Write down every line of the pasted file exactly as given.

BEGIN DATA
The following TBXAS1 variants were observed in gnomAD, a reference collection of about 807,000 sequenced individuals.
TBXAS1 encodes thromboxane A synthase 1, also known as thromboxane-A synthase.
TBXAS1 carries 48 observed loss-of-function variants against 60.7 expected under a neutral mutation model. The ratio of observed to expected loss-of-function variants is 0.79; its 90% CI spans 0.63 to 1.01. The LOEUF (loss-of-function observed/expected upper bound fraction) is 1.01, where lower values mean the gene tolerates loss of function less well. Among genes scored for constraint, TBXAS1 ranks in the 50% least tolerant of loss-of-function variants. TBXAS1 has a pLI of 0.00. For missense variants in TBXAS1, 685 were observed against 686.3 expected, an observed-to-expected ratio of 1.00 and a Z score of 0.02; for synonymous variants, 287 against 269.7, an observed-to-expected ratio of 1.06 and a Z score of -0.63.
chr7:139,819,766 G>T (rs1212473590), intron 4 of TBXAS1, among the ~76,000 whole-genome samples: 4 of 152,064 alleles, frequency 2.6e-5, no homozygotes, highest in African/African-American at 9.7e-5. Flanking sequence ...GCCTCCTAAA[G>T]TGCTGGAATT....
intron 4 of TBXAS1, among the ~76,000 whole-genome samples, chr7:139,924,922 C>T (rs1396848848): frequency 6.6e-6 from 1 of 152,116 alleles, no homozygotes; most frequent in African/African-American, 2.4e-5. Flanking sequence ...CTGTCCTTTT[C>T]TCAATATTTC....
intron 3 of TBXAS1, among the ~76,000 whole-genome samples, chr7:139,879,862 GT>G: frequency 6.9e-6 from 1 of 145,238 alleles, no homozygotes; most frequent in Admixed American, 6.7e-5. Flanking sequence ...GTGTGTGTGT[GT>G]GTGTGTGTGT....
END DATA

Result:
The following TBXAS1 variants were observed in gnomAD, a reference collection of about 807,000 sequenced individuals.
TBXAS1 encodes thromboxane A synthase 1, also known as thromboxane-A synthase.
TBXAS1 carries 48 observed loss-of-function variants against 60.7 expected under a neutral mutation model. The ratio of observed to expected loss-of-function variants is 0.79; its 90% CI spans 0.63 to 1.01. The LOEUF (loss-of-function observed/expected upper bound fraction) is 1.01, where lower values mean the gene tolerates loss of function less well. Among genes scored for constraint, TBXAS1 ranks in the 50% least tolerant of loss-of-function variants. TBXAS1 has a pLI of 0.00. For missense variants in TBXAS1, 685 were observed against 686.3 expected, an observed-to-expected ratio of 1.00 and a Z score of 0.02; for synonymous variants, 287 against 269.7, an observed-to-expected ratio of 1.06 and a Z score of -0.63.
chr7:139,819,766 G>T (rs1212473590), intron 4 of TBXAS1, among the ~76,000 whole-genome samples: 4 of 152,064 alleles, frequency 2.6e-5, no homozygotes, highest in African/African-American at 9.7e-5. Flanking sequence ...GCCTCCTAAA[G>T]TGCTGGAATT....
intron 4 of TBXAS1, among the ~76,000 whole-genome samples, chr7:139,924,922 C>T (rs1396848848): frequency 6.6e-6 from 1 of 152,116 alleles, no homozygotes; most frequent in African/African-American, 2.4e-5. Flanking sequence ...CTGTCCTTTT[C>T]TCAATATTTC....
intron 3 of TBXAS1, among the ~76,000 whole-genome samples, chr7:139,879,862 GT>G: frequency 6.9e-6 from 1 of 145,238 alleles, no homozygotes; most frequent in Admixed American, 6.7e-5. Flanking sequence ...GTGTGTGTGT[GT>G]GTGTGTGTGT....